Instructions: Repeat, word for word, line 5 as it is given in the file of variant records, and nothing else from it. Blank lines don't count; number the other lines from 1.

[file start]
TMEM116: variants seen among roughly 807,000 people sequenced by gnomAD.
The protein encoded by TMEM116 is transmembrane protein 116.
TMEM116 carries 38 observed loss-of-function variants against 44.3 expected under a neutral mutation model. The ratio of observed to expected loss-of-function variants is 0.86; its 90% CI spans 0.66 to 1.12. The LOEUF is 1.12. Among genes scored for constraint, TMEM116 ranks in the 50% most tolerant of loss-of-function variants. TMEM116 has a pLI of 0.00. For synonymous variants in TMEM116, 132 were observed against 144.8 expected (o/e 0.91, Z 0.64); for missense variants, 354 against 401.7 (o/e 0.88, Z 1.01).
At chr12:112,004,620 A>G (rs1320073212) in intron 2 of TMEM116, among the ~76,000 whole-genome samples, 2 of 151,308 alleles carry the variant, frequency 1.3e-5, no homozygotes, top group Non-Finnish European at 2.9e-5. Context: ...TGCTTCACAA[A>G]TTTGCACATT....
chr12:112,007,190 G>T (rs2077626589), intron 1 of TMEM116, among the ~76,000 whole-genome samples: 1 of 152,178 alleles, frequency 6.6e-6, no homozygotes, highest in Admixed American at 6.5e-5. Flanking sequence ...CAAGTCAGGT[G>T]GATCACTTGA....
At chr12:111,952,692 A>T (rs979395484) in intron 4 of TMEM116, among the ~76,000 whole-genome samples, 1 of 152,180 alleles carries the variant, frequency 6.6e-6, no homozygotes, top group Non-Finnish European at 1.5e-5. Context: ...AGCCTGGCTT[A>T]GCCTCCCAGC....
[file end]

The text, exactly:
chr12:112,007,190 G>T (rs2077626589), intron 1 of TMEM116, among the ~76,000 whole-genome samples: 1 of 152,178 alleles, frequency 6.6e-6, no homozygotes, highest in Admixed American at 6.5e-5. Flanking sequence ...CAAGTCAGGT[G>T]GATCACTTGA....